- April 27, 2022 2:57 PM
- April 10, 2020 4:18 AM
- December 28, 2021 7:38 PM
Concerns are rising among cashew farmers as prices of fresh cashew plummet because of heavy rains while operation costs are on the rise
PHNOM PENH – Nok Bunthorn, a cashew farmer in Kampong Thom province, knows that his harvest season is not going to be good. “It rained a lot this year, when cashews started to grow. Because of the humidity, flowers and pods withered … The cashews that could still grow, grew very slowly. So the quality of my crops is not good,” says the farmer.
All over Cambodia, heavy rains during the early weeks of the rainy season, partly attributable to climate change, impacted the production of fresh cashews. The price of the nut dropped from 5,000 riels ($1.23) to 3,000 riels ($0.74) per kilogram, barely covering the production cost, which increased with the rising price of farm inputs.
“The cost of fertilizers and other chemical substances have doubled, while the price of labor remains high,” says Nok Bunthorn. “With the rising costs on one side and the dropping selling price on the other side, I lost around 20 percent of my revenue,” estimates the farmer.
Bunthorn added that, despite seeing his revenue melting, he understands customers don’t want to buy expensive cashews if the quality is not there. He thought about cutting down his cashew trees, but eventually decided not to, as he would spend a lot of money and time growing another type of crop.
The Director of the Ratanakiri Provincial Department of Agriculture, Forestry and Fisheries, Soy Sona said he is concerned that the price of fresh cashews might plummet alarmingly.
“The declining price of cashew is surely a problem. Buyers are picky because they want quality that farmers can’t provide this year. And the cost of transportation increased as the price of gasoline rose, adding tension to the market,” he said.
Are processed cashews the answer?
But the fall in selling price is only about fresh cashew nuts. Processed cashews remain expensive on the market
Leung Manuth owns Chamkar Leu Cashew Nut Enterprise in Kampong Cham province, a small-scale handicraft cashew nut processing facility. She started her business in 2016 as an add-on activity to her 20-hectare cashew plantation. Her enterprise also purchases cashews from the Cashew Nut Association of Cambodia (CAC).
Manuth said she purchases cashews from the farmers at a price ranging from 5,500 riels ($1.35) to 6,000 riels ($1.48) per kilogram. She then adds to it the processing and labor costs, leading to an expensive selling price. “Around 50,000 riels ($12.30) per kilogram,” she said.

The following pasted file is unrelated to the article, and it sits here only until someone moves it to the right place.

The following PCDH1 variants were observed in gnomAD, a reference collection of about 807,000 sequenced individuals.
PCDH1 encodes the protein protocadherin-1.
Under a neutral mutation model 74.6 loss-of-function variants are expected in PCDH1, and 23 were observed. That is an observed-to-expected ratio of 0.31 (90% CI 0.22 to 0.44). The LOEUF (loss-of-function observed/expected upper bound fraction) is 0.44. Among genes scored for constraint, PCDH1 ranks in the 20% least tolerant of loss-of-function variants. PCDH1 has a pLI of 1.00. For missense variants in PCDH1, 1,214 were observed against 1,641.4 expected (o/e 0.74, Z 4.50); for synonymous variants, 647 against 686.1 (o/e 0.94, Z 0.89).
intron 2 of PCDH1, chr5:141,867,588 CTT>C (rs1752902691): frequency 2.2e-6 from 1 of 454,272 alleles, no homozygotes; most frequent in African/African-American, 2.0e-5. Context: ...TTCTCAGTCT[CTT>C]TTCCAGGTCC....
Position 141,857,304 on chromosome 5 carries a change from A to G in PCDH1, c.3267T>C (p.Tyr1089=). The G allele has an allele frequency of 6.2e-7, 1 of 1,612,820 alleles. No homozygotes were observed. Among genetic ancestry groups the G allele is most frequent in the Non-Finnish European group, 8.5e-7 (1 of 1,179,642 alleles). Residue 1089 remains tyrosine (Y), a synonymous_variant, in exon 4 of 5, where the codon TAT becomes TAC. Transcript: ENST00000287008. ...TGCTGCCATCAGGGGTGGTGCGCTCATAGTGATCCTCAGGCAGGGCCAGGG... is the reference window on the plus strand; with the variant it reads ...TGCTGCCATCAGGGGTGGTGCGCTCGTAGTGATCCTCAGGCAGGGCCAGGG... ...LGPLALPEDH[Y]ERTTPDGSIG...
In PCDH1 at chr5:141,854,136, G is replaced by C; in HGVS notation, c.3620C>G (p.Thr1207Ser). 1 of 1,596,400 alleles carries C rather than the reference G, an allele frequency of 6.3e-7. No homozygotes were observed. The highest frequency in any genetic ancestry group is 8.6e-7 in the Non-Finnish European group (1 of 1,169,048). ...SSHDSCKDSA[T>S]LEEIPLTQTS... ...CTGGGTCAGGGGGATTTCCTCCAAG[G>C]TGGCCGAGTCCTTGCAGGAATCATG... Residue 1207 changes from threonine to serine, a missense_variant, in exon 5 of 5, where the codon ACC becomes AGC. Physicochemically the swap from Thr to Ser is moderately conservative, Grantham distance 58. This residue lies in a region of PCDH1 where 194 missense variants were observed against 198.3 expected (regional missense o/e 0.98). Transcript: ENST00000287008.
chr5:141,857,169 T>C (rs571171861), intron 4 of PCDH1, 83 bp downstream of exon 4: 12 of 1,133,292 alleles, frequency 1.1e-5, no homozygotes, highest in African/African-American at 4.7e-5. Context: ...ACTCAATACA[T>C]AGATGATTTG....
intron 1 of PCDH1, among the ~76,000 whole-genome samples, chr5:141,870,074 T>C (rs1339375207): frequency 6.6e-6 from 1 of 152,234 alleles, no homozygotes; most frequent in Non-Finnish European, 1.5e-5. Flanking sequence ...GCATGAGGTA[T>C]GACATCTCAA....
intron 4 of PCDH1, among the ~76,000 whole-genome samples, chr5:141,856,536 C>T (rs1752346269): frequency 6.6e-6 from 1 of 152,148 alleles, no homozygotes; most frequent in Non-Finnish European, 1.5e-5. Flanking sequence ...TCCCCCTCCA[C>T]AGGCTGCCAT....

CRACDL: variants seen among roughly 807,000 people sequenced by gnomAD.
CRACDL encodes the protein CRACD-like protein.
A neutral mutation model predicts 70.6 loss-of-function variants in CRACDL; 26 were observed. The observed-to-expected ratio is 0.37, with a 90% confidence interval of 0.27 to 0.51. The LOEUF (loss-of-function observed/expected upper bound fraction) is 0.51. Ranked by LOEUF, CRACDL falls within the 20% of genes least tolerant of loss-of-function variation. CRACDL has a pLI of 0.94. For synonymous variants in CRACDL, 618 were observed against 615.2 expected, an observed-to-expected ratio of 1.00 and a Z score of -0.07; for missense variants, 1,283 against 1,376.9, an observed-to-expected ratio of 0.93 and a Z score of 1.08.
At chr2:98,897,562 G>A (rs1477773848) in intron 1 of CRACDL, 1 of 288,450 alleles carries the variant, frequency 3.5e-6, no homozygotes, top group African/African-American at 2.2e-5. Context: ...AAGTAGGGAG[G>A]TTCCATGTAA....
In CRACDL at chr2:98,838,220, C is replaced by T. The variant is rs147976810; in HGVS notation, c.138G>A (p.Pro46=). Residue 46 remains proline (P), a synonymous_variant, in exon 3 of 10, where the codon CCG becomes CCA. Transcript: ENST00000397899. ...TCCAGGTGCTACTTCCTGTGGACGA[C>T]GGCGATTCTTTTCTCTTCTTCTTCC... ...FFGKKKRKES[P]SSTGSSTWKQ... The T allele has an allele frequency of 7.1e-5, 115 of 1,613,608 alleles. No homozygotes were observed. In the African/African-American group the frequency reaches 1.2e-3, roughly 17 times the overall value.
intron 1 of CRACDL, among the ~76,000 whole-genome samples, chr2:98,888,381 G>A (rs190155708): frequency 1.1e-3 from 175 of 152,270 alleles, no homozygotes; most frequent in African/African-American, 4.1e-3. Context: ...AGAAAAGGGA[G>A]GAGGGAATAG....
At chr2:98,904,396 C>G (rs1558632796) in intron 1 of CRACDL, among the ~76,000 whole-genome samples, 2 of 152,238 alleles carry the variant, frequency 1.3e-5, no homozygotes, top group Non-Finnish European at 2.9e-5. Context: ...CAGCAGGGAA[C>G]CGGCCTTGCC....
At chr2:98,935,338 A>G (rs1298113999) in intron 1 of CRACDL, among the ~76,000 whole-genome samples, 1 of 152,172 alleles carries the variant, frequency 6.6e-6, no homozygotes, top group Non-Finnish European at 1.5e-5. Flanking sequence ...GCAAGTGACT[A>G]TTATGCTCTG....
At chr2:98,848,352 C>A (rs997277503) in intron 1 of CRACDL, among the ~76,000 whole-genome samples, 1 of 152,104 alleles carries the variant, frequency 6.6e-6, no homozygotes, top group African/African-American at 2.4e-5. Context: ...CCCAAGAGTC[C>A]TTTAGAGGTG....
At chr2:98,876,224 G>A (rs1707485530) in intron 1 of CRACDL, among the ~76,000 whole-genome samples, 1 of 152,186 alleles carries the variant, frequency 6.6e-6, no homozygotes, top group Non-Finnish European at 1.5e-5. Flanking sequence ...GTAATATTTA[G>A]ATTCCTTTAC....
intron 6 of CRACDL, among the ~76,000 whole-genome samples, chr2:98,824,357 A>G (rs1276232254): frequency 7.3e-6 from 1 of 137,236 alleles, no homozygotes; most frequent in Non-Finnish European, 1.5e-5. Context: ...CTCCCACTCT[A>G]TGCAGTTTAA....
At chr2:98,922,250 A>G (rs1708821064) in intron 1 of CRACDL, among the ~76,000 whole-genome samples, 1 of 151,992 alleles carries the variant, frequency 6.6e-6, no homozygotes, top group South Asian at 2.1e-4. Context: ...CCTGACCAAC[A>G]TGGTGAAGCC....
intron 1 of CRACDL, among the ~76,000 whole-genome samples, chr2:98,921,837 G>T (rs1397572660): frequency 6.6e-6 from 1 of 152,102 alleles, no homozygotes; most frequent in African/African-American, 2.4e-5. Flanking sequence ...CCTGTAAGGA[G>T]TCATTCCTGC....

Nok Bunthorn, a cashew farmer in Kampong Thom province, knows that his harvest season is not going to be good. Photo by Tep Pitu
“After peeling the shell, we only get 100 to 200 grams of processed cashews from 1 kilogram of fresh nuts. In addition, we have to pay the workers for peeling, cooking, and packing cashews. So the production costs are not low, which explains why processed cashews are expensive,” she said.
Manuth processes and sells two types of cashews: pink skin and skinless cashew nuts, which is the original taste.
Being doubly involved in the industry as both a farmer and a processor, she’d like to see a more prosperous cashew nut sector, supporting the farmers’ livelihood.
Lack of processing factories
In addition to climate change and the rise of production costs, the main limit to prevent the prices from falling down is that Cambodia lacks processing facilities.
“Despite the demand being high in the country, there is no cashew nut processing factory,” says the Director of the Cashew Nut Association of Cambodia (CAC), Uon Silot. “There are only a few artisans who are able to refine the nuts, but the scale is not enough.”
Cashew nuts’ price is therefore set by traders in neighboring countries, who buy Cambodians fresh cashews to process them.
“Nearly 100,000 among 800,000 hectares of cashew plantations have been cleared by farmers after the price of cashew nuts fell and the quality deteriorated. Therefore, we should have a warehouse to store the dried cashew nuts in community areas as the CAC has,” Silot said.
“One more thing is that companies from neighboring countries who buy our cashew nuts are far away. So, they need a lot of time to transport, which requires the association to store dried cashew nuts to avoid getting damaged,” he added.
Silot also encouraged cashew farmers who face this problem not to be demotivated, and especially entrepreneurs who process cashew nuts to strengthen their processing handicrafts.
Not only do they promote local production, but they also create more jobs for local people as well as a cashew nut market for the farmers, he added.
In the last three months of 2022, Cambodia exported only 270,000 tons of fresh cashew nuts, a decrease of nearly 40 percent compared to the same period in 2021.